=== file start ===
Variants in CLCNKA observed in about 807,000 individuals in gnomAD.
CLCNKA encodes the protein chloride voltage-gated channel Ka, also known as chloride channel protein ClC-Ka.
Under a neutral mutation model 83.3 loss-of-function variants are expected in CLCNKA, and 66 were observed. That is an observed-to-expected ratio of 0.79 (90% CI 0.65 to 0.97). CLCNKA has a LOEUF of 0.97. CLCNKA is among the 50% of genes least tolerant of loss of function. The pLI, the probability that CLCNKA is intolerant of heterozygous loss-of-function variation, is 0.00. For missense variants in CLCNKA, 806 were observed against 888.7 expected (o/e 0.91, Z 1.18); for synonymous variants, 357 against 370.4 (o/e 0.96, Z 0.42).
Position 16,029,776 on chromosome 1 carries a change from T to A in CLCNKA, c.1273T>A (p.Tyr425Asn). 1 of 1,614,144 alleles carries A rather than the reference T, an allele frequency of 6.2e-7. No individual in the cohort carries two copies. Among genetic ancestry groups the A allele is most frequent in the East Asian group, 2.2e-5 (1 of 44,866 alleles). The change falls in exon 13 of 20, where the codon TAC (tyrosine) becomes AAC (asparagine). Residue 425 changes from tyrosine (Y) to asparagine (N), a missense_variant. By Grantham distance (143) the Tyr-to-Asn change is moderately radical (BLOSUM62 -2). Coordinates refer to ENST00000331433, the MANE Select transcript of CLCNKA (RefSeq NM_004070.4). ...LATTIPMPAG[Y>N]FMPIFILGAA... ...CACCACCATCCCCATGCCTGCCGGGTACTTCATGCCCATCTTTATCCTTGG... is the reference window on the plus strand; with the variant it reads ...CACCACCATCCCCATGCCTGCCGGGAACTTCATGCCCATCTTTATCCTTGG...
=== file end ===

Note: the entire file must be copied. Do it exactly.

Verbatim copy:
Variants in CLCNKA observed in about 807,000 individuals in gnomAD.
CLCNKA encodes the protein chloride voltage-gated channel Ka, also known as chloride channel protein ClC-Ka.
Under a neutral mutation model 83.3 loss-of-function variants are expected in CLCNKA, and 66 were observed. That is an observed-to-expected ratio of 0.79 (90% CI 0.65 to 0.97). CLCNKA has a LOEUF of 0.97. CLCNKA is among the 50% of genes least tolerant of loss of function. The pLI, the probability that CLCNKA is intolerant of heterozygous loss-of-function variation, is 0.00. For missense variants in CLCNKA, 806 were observed against 888.7 expected (o/e 0.91, Z 1.18); for synonymous variants, 357 against 370.4 (o/e 0.96, Z 0.42).
Position 16,029,776 on chromosome 1 carries a change from T to A in CLCNKA, c.1273T>A (p.Tyr425Asn). 1 of 1,614,144 alleles carries A rather than the reference T, an allele frequency of 6.2e-7. No individual in the cohort carries two copies. Among genetic ancestry groups the A allele is most frequent in the East Asian group, 2.2e-5 (1 of 44,866 alleles). The change falls in exon 13 of 20, where the codon TAC (tyrosine) becomes AAC (asparagine). Residue 425 changes from tyrosine (Y) to asparagine (N), a missense_variant. By Grantham distance (143) the Tyr-to-Asn change is moderately radical (BLOSUM62 -2). Coordinates refer to ENST00000331433, the MANE Select transcript of CLCNKA (RefSeq NM_004070.4). ...LATTIPMPAG[Y>N]FMPIFILGAA... ...CACCACCATCCCCATGCCTGCCGGGTACTTCATGCCCATCTTTATCCTTGG... is the reference window on the plus strand; with the variant it reads ...CACCACCATCCCCATGCCTGCCGGGAACTTCATGCCCATCTTTATCCTTGG...